Assumption of the Blessed Virgin Mary (Fr. Vinner)
My Brothers and Sisters in Christ,
We honor Mary, venerate her, express our love for her and never worship her. Why do we honor Mary: 1) Mary herself gives the most important reason in her “Magnificat:” “All generations (ages) will call me blessed because the “The Mighty One has done great things for me” a) by choosing Mary as the mother of Jesus b) by filling her with His Holy Spirit twice, namely at the Annunciation and at Pentecost, c) by making her “full of grace,” the paragon or embodiment of all virtues, d) by allowing her to become the most active participant with Christ, her Son, in our Redemption, by suffering in mind what Jesus suffered in body. 2) Mary is our Heavenly Mother. Jesus gave us his Mother as our Mother from the cross: “Woman, behold your son.” … “Behold your mother” (John 19: 26-27). 3) Mary is the supreme model of all virtues and hence our role model, especially holiness of life (“full of grace”), obedience to the will of God (“fiat”) and true humility (“Behold the handmaid of the Lord; be it done to me as you have said”).
On November 1, 1950, Pius XII defined the Assumption of Mary to be a dogma of faith: “We pronounce, declare and define it to be a divinely revealed dogma that the immaculate Mother of God, the ever Virgin Mary, having completed the course of her earthly life, was assumed body and soul to heavenly glory.” The Pope proclaimed this dogma only after a broad consultation of bishops, theologians and laity. What the Pope solemnly declared was already a common belief in the Catholic Church. For hundreds of years, Catholics observed the feast of the Assumption of the Blessed Virgin Mary on August 15, celebrating Mary’s being taken bodily to Heaven after her death. We have no real knowledge of the day, year, and manner of Our Lady’s death. The dates which have been assigned to her death vary between three and fifteen years after Christ’s Ascension. Mary’s tomb was presumably found in Jerusalem. It is believed that Mary died in the presence of all the Apostles, but that after her burial, her tomb, when opened, was found empty. Therefore, they concluded that her body had been taken up (assumed) into heaven. Saint Gregory of Tour provided a rationale for the tradition: since Mary has been preserved from original sin, it is inconceivable to think her sinless body, should decay in the grave.
The Assumption is the oldest celebrated feast day of Our Lady, but its origin is lost in those days when Jerusalem was restored as a sacred city, at the time of the Roman Emperor Constantine. What was clear from the beginning was that there were no relics of Mary to be venerated. In the church all the feast days of Mary mark the great mysteries of her life and her part in the work of redemption. The central mystery of her life and person is her divine motherhood, celebrated both at Christmas and a week later. The Immaculate Conception marks the preparation for that motherhood. The Assumption completes God’s work in her since it was not fitting that the flesh that had given life to God himself should ever undergo corruption. The Assumption is God’s crowning of His work as Mary ends her earthly life and enters eternity. The feast turns our eyes in that direction, where we will follow when our earthly life is over. There is an important difference, of course, between the ascension of Jesus into Heaven after His Resurrection, and the assumption of Mary. To ascend is to rise up under one’s own power; while to be assumed means something that is done to one. Jesus, being the Second Person of the Trinity, had no need of assistance; whereas Mary did not have this power. She was assumed into heaven because of the privilege she enjoyed as the Mother of God and the fact that she was totally sinless and she was rewarded by God for this act. The feast days look to the present and to the future and give us an insight into our own relationship with God.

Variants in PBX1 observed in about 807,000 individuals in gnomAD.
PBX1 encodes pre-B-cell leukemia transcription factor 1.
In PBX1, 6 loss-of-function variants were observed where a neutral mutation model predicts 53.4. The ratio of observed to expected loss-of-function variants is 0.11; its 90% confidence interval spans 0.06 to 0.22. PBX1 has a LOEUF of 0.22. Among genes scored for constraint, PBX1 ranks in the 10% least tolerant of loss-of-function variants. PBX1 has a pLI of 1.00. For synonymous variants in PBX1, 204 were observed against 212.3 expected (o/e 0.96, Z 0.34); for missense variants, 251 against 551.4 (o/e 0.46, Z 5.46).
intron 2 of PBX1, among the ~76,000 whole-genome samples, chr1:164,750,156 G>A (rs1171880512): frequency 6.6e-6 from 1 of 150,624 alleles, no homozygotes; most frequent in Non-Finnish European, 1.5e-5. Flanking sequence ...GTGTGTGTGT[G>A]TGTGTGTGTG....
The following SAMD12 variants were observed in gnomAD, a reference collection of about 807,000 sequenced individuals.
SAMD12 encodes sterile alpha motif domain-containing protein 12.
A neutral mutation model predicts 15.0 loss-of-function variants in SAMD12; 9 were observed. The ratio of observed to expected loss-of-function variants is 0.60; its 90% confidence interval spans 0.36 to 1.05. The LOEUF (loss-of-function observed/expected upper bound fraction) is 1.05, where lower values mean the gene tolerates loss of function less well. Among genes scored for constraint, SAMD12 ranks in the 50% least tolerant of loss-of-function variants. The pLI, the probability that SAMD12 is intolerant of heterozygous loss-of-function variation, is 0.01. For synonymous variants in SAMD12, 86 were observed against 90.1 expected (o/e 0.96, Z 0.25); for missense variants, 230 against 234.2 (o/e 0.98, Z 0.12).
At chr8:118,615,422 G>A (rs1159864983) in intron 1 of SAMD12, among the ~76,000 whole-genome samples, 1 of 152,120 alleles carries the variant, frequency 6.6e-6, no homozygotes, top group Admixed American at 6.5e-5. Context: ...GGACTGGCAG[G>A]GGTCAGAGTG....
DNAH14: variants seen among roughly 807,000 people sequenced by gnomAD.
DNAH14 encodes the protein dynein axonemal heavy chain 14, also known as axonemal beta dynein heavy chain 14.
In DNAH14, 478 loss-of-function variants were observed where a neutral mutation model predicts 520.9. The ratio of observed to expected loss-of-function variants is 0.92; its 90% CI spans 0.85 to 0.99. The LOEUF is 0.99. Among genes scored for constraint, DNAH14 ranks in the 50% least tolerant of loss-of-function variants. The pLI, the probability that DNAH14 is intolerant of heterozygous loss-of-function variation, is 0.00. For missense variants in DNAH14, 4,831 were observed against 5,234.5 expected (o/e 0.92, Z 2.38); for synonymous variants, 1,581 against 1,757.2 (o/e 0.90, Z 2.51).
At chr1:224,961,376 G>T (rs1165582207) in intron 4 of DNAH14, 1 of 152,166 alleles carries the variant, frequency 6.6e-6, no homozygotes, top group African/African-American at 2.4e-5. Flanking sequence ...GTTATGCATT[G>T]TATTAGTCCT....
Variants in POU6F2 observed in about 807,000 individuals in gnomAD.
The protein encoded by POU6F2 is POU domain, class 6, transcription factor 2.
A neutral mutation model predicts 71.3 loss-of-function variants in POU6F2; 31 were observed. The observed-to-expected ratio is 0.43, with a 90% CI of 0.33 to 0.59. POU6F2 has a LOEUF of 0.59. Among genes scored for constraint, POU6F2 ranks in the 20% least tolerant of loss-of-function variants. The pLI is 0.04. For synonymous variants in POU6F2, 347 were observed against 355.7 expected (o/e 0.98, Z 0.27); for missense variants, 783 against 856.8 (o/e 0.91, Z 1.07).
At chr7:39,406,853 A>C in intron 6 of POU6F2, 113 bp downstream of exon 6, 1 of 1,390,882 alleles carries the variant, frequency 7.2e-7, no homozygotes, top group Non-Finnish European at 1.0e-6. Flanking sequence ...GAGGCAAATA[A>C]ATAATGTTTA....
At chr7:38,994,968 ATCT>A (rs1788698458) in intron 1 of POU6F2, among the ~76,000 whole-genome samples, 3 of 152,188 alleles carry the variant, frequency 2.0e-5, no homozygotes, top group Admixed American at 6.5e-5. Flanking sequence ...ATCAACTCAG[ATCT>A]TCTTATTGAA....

Pope Benedict XVI tells us that the feast of the Assumption is a day of joy because God has won, Love has won, and it has won life. Love has shown that it is stronger than death, that God possesses the true strength and that his strength is goodness and love. Mary was taken up body and soul into heaven: There is even room in God for the body. Heaven is no longer a very remote sphere unknown to us. We have a Mother in heaven. And the Mother of God, the Mother of the Son of God, is our Mother. He himself has said so. He made her our Mother when he said to the disciple and to all of us: “Behold, your Mother!” Mary is taken up body and soul into the glory of heaven, and with God and in God she is Queen of heaven and earth. Precisely because she is with God and in God, she is very close to each one of us. She always listens to us, she is always close to us, and being Mother of the Son, participates in the power of the Son and in his goodness. On this feast day, let us thank the Lord for the gift of the Mother, and let us pray to Mary to help us find the right path every day. Today we join Mary in her happiness. We look forward to the day when we too can share it with her.
Life messages: 1) As Mary’s Assumption was a reward for a holy life, this feast invites us to keep our bodies pure and holy. Paul gives three additional reasons: a) our bodies are the temples of the Holy Spirit, b) our body parts are the members of Christ’s Body, and c) our bodies are to be glorified on the day of the Last Judgment.
2) We are given an assurance of hope in our resurrection and a source of inspiration during moments of despair and temptations.
3) We receive a message of total liberation from all our bondages: impure, unjust and uncharitable thoughts, desires, words and actions, addiction to evil habits, drugs, alcohol and gambling, pornography and sexual aberrations.
May God Bless us.
FR. S.Vinner HGN